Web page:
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NCJ Number: 192640 Find in a Library
Title: Human Rights Watch: World Report 2002, Events of 2001
Corporate Author: Human Rights Watch
United States of America
Date Published: 2002
Page Count: 695
Sponsoring Agency: Human Rights Watch
New York, NY 10118-3299
Publication Number: ISBN 1-56432-267-X
Sale Source: Human Rights Watch
350 Fifth Avenue
34th Floor
New York, NY 10118-3299
United States of America
Document: HTML
Type: Report (Annual/Periodic)
Format: Book (Softbound)
Language: English
Country: United States of America
Annotation: This book provides an overview of human rights issues for 70 countries around the world.
Abstract: Human Rights Watch conducts regular investigations of human rights abuses and holds governments accountable if they transgress the rights of their people. It defends freedom of thought and expression, due process and equal protection of the law, and civil societies. It denounces murders, “disappearances,” torture, arbitrary imprisonment, and discrimination. Human Rights Watch began in 1978. In Africa, longstanding wars continue to plague several countries, the human immunodeficiency virus (HIV) is widespread, and poverty is rampant. Although 2001 was dominated by the human rights tragedy in Colombia, other parts of Latin America, such as Peru and Mexico, experienced positive change. However, chronic problems such as police brutality, deplorable prison conditions, domestic violence, and labor rights abuses persist. Asia suffered a political earthquake after the September 11 attacks on the United States. While Afghanistan was the center of attention, other countries suffered upheavals in domestic politics and international relations. Many countries in the Soviet Union region had made significant strides since 1991, but abusive authoritarian rule persisted in several, and others still struggled to overcome the ethnic conflict that permeated large parts of the disintegrating Soviet Union and Yugoslavia. Clashes between Israelis and Palestinians erupted in September 2000 and have overshadowed any other developments in the Middle East and North Africa region. In the United States, the promotion of human rights occupied a low priority in the Bush Administration’s domestic political agenda until the September 11 attacks on New York and Washington. In many countries violations of children’s rights were all too common in 2001, with children being beaten and tortured by police, forced to work long hours, and serve as soldiers in armed conflicts. Women’s rights activists made progress on several fronts -– leading governments to condemn sexual violence against women in armed conflict, among other things. Appendix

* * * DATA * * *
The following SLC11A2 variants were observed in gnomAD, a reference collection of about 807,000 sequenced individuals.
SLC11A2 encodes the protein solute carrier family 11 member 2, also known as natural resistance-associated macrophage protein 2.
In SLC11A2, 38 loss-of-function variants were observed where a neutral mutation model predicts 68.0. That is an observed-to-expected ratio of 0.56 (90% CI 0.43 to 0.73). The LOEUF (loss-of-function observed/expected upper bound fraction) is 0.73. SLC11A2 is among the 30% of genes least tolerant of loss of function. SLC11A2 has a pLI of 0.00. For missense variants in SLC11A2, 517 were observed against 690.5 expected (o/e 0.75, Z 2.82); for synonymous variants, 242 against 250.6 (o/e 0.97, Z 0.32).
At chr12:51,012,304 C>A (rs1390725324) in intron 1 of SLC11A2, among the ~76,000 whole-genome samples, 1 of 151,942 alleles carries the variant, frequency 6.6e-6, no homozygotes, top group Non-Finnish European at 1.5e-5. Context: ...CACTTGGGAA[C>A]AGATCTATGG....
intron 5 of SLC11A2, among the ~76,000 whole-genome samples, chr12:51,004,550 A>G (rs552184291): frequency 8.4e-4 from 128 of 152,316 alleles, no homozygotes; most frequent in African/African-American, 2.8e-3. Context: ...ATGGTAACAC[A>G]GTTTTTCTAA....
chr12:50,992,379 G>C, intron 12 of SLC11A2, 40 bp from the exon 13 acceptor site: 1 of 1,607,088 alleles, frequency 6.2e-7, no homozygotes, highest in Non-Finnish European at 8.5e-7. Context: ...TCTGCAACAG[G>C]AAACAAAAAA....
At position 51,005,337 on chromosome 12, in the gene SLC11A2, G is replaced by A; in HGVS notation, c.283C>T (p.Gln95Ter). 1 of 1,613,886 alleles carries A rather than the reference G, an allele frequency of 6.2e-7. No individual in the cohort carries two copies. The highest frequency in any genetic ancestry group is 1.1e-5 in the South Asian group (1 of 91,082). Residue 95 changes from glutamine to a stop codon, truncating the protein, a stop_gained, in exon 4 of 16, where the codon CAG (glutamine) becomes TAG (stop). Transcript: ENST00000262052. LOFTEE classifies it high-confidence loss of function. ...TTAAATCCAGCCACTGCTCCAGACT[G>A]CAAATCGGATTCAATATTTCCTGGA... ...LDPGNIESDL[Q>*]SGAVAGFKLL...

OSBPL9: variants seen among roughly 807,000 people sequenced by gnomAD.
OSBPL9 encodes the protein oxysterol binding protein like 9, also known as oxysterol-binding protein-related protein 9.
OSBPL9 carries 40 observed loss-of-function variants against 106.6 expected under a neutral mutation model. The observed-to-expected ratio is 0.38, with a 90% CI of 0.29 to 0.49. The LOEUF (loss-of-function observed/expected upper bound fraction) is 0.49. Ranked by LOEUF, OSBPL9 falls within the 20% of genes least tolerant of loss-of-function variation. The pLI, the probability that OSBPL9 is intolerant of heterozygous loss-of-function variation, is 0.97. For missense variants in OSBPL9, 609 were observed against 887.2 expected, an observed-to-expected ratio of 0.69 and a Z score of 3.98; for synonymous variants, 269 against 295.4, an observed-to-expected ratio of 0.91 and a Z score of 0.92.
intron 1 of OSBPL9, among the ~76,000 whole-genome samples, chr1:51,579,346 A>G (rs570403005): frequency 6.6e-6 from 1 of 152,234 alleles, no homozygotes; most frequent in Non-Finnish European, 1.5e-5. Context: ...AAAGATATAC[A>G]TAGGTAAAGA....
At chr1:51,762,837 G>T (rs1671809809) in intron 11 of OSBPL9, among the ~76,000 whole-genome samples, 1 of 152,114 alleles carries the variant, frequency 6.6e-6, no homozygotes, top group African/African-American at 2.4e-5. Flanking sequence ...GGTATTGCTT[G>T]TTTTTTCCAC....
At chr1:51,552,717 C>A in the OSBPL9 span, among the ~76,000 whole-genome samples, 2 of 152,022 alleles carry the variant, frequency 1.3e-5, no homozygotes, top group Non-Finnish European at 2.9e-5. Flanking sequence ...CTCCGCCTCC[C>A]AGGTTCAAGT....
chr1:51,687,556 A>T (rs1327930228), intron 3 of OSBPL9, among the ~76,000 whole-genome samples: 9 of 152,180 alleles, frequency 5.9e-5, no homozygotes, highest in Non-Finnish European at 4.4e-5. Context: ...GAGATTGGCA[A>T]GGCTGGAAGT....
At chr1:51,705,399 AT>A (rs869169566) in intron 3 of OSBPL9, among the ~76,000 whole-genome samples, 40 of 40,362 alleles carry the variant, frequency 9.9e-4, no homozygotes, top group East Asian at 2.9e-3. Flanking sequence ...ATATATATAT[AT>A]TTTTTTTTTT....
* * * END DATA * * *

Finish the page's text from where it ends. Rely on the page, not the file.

Main Term(s): Human rights; Human rights violations
Index Term(s): Civil liberties organizations; Equal Protection; International agreements; Police Brutality; Politically motivated violent crimes; United Nations standards; War crimes; Wrongful incarceration
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